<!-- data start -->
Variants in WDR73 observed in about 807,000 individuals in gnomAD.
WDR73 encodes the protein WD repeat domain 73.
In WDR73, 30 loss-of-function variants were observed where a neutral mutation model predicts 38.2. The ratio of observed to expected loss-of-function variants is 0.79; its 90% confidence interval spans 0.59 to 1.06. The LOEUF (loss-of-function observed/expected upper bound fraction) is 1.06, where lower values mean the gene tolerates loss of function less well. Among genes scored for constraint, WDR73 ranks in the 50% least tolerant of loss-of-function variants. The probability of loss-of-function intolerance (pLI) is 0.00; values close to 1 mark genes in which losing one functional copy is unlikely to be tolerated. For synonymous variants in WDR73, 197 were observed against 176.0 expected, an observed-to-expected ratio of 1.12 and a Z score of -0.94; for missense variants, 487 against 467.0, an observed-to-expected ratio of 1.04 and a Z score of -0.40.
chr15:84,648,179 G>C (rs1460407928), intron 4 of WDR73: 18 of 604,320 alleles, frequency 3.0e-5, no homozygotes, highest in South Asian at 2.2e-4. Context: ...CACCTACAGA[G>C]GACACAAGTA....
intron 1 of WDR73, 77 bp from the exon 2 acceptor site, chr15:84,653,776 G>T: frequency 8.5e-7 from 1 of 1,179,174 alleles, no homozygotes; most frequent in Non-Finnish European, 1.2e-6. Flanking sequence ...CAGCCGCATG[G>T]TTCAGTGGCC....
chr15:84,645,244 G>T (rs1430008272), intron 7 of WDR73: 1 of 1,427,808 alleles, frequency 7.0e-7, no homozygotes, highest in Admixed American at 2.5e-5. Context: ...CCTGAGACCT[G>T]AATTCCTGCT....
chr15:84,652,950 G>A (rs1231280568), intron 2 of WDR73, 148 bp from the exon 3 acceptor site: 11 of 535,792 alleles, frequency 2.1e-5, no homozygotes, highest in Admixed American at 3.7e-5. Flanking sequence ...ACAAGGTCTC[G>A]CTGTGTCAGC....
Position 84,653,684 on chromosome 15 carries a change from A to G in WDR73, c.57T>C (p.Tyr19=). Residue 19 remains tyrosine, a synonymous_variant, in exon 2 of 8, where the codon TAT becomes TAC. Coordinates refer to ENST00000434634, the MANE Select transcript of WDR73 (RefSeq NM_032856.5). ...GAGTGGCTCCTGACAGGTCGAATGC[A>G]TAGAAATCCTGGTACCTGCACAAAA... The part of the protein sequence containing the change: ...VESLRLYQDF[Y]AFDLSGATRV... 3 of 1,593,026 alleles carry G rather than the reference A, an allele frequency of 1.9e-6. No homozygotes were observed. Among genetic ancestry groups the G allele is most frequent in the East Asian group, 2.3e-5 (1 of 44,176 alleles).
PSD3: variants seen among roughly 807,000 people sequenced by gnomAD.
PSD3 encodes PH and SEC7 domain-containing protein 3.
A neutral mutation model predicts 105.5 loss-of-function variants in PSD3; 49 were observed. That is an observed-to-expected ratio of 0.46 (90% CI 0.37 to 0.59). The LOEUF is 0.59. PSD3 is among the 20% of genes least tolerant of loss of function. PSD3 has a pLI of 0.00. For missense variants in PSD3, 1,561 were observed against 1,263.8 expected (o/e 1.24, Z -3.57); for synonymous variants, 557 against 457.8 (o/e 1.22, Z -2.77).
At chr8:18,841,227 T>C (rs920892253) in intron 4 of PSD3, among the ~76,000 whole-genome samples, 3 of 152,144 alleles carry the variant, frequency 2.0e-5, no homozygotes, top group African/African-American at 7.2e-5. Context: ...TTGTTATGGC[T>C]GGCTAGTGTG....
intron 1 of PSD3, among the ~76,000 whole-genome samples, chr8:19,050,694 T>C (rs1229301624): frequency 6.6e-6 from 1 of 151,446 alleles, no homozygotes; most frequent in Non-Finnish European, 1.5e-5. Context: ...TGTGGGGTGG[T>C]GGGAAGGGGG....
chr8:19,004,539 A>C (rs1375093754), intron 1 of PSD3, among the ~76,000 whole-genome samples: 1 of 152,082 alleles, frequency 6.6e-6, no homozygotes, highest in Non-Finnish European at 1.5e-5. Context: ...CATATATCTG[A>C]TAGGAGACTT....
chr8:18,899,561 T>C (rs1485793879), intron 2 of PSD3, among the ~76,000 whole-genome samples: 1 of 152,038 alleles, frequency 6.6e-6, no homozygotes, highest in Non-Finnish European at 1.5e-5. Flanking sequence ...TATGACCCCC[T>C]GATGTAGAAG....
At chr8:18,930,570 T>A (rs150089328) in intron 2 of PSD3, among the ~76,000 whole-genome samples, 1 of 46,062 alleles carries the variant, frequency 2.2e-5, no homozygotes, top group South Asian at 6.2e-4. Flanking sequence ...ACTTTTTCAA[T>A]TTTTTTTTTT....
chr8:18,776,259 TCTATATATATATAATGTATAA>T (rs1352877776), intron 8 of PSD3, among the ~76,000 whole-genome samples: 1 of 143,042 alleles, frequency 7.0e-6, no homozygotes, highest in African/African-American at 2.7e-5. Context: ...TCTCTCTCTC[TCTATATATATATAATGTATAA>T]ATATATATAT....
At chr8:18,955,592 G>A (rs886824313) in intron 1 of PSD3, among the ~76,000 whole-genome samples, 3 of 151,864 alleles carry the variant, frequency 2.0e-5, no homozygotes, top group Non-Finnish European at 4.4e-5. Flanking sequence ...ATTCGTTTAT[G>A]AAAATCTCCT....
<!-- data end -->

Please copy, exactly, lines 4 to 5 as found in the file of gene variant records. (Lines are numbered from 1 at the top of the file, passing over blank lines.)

chr15:84,648,179 G>C (rs1460407928), intron 4 of WDR73: 18 of 604,320 alleles, frequency 3.0e-5, no homozygotes, highest in South Asian at 2.2e-4. Context: ...CACCTACAGA[G>C]GACACAAGTA....
intron 1 of WDR73, 77 bp from the exon 2 acceptor site, chr15:84,653,776 G>T: frequency 8.5e-7 from 1 of 1,179,174 alleles, no homozygotes; most frequent in Non-Finnish European, 1.2e-6. Flanking sequence ...CAGCCGCATG[G>T]TTCAGTGGCC....